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. Last Updated: 07/27/2016

China Gambling on Manned Space Flight

BEIJING -- Chinese legend holds that a Ming dynasty man named Wan Hu aimed for the stars by holding kites in each hand and strapping himself to a chair as 47 servants lit 47 gunpowder-packed bamboo tubes tied to his seat.

A roar followed. After the smoke dissipated, the chair was gone, along with Wan Hu. It was unclear if what was purported to be the world's first manned rocket ever made it to the skies.

Today, China is counting down the days to its first manned space launch and hoping to avoid the same fate as Wan Hu, thanks to advanced space technology.

China, long mired in poverty but growing fast after more than two decades of market reforms, is eager for the prestige that would come with being just the third country capable of putting people into space.

"With the launch of the Shenzhou spacecraft, China lifts its technological image into the heavens, bypassing the rest of the advanced-engineering nations," said Anthony Curtis, editor of Space Today Online.

Yu Maochun of the U.S. Naval Academy said, "The manned space program is an essential part of the Communist Party's near fanatical quest for international respect and dignity, which [in] itself is a normal phenomenon among many rising powers in history."

A successful launch on the heels of Beijing winning a bid to host the 2008 Olympics could fuel nationalism and boost the Communist Party's credibility as China seeks a place on the world stage alongside great powers.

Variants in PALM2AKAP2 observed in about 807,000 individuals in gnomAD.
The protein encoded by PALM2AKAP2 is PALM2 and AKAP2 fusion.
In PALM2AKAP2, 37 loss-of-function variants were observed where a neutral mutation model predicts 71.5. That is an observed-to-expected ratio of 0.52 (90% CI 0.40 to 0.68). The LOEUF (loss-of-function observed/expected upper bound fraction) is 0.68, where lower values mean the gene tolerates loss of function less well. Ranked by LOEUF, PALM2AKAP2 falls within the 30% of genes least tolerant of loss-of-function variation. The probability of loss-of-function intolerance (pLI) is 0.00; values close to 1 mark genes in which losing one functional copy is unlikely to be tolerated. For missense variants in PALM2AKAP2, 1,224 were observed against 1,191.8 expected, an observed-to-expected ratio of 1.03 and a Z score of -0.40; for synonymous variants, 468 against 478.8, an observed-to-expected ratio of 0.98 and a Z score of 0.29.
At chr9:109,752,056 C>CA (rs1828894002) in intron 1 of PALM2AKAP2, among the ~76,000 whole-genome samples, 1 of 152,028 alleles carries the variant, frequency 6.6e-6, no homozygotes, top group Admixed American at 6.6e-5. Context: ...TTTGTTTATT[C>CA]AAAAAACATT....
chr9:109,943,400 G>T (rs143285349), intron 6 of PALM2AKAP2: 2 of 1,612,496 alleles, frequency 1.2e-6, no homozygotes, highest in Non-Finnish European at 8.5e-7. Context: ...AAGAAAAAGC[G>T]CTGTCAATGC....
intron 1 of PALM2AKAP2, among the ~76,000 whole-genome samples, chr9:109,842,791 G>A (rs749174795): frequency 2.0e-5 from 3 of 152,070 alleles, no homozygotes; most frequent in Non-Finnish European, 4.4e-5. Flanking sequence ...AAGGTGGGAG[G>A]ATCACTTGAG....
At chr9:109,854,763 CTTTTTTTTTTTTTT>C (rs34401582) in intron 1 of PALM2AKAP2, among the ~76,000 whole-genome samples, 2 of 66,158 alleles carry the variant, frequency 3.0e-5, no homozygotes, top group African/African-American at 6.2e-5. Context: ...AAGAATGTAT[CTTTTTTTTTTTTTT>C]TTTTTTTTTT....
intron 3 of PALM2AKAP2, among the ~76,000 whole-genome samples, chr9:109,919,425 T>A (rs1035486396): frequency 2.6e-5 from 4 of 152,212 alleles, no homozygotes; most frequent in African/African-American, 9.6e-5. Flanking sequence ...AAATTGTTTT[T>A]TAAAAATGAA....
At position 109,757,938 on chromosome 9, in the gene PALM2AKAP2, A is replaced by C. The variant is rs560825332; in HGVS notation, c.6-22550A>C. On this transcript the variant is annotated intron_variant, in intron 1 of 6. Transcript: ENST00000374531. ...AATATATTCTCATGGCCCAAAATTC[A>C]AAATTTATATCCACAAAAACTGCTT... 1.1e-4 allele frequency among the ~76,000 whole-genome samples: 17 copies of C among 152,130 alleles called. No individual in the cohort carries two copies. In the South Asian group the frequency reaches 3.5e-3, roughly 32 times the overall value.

A failure would be a loss of face and would raise questions about the necessity of a space program in a country where 140 million people live in abject poverty or on less than $1 a day.

"For China, as with all perilous endeavors, the chance of a deadly public failure looms large. By linking national pride and CCP [Chinese Communist Party] credibility, Beijing is jeopardizing both," Joshua Eisenman, a fellow at the New American Foundation, a public policy think tank in Washington, wrote in Singapore's Straits Times.

China has cloaked its space program in secrecy, ostensibly to avoid embarrassment in the event of failure.

Stung by a string of failed satellite launches in the 1980s and '90s, China has kept recent lift-offs quiet, announcing them only after success was confirmed.

The date of the launch of the next Shenzhou -- meaning "Divine Ship" -- is a state secret but is expected around National Day, Oct. 1. Repeated requests to interview space officials have been rejected.

China's first astronauts -- dubbed "taikonauts" from "taikong," the Chinese word for space -- are faceless. China has yet to tell the world who they are, other than that they were plucked from the ranks of top fighter pilots.

The launch by China is going ahead despite the loss of the U.S. space shuttle Columbia, which disintegrated in February while re-entering the atmosphere. Seven astronauts died.

Experts said China's space program had no big technology breakthroughs but would incrementally improve existing space technologies. They also said its late entry could trigger a space race in Northeast Asia with Japan and even South Korea.